If your child’s been referred to Nemours for a possible diagnosis of skeletal dysplasia (such as achondroplasia), you’ve come to the right place. We’re one of the foremost health care systems in the world for skeletal dysplasia and dwarfism diagnosis and treatment — offering comprehensive medical and surgical expertise spanning multiple fields.
The skeletal dysplasias are a group of conditions characterized by abnormalities in the growth, development, shape, or integrity of the bones and cartilage. They can lead to a wide variety of medical problems, but the most common feature among them is dwarfism (defined as having a final adult height below 4' 10").
About one out of every 10,000 babies has dwarfism. Most skeletal dysplasias result from a spontaneous genetic mutation at or before conception. Children with skeletal dysplasias have multiple medical and social needs, many of which are unique to their condition.
Common types of skeletal dysplasia include:
- Campomelic Dysplasia
- Cartilage Hair Hypoplasia
- Diastrophic Dysplasia
- Ellis-Van Creveld Dysplasia
- Kniest Dysplasia
- Metatropic Dysplasia
- Morquio Syndrome
- Multiple Epiphyseal Dysplasia
- Primordial Dwarfism
- Spondylo-epiphyseal Dysplasia
- Thanatophoric Dysplasia
Nemours/Alfred I. duPont Hospital for Children, Wilmington
Locations & Doctors
For Appointments: (302) 651-5916
For Information: (302) 651-4181 (Genetics) | (302) 651-6326 (Orthopedics)
Seeing Multiple Specialists?
Our Patient Navigators can help schedule multiple appointments on the same day at the same location.
Other Members of the Team:
- Mary Ellen Little, BSN, RN
- Andrea Schelhaas, MS, LCGC
- Karen Turner, MSPT
- photo ID
- medical and pharmacy insurance cards
- preferred pharmacy name and phone number
- names and dosage of all medications, including over-the-counter medication, your child is currently taking
- guardianship and custody papers, if a legal guardian rather than a parent accompanies your child
- Patient Presents Without Legal Guardian (PDF)
English | Spanish
Note: A parent or legal guardian must be with a child for a first visit.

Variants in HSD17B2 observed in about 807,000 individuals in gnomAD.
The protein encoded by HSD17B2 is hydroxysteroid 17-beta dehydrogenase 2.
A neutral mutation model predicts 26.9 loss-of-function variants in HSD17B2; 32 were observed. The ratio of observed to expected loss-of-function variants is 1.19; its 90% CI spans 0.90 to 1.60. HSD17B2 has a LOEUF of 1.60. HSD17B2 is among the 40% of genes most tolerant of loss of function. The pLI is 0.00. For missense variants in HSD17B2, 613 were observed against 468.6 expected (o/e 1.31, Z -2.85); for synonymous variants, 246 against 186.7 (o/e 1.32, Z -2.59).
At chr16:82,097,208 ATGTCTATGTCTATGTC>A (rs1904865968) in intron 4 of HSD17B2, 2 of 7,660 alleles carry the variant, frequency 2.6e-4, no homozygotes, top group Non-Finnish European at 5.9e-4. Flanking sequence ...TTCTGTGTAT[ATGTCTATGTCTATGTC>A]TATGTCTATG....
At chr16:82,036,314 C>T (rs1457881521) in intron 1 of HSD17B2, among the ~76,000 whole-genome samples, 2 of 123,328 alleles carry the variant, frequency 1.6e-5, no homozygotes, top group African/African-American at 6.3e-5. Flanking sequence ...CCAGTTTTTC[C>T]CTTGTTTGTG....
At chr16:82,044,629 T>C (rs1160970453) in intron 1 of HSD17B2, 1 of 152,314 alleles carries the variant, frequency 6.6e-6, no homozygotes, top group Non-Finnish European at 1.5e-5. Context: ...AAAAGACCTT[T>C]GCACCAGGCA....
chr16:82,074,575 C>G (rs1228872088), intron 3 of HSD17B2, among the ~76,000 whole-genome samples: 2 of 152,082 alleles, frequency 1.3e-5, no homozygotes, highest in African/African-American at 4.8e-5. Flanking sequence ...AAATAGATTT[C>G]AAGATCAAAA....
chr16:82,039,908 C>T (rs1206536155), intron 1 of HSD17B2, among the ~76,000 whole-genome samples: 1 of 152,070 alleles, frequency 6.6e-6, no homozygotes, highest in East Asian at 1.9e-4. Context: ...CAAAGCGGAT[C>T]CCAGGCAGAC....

Resources for Patients & Families
Many pediatricians and obstetricians lack the experience to diagnose and care for skeletal dysplasias. That's why more than 250 short-statured children from around the globe come to Nemours/Alfred I. duPont Hospital for Children each year. Here, they get recommendations from leading experts at a world-class, state-of-the-art facility that treats children with skeletal dysplasia from both a genetic and orthopedic perspective.
Only about a half-dozen clinics in the country treat children with skeletal dysplasia. At duPont Hospital for Children, our reputation for diagnosing and treating even the toughest cases has made us a favorite among families. Parents tout our program in online forums for families of little people, our physicians frequently appear as experts in the media, and our patients come from all over the globe to see us.
Here you’ll find doctors, counselors, nurses, and staff who are uniquely qualified and share a strong commitment to the long-term health and well-being of your child. As a team, we work together to maximize your child’s mobility, correct deformity, and prevent future complications. If your child has complex medical and surgical needs, we have the experienced health professionals and well-equipped facilities to meet them.
Learn more about Dr. Mackenzie and how skeletal dysplasia is treated at duPont Hospital for Children in this informative interview.
The Skeletal Dysplasia Appointment Process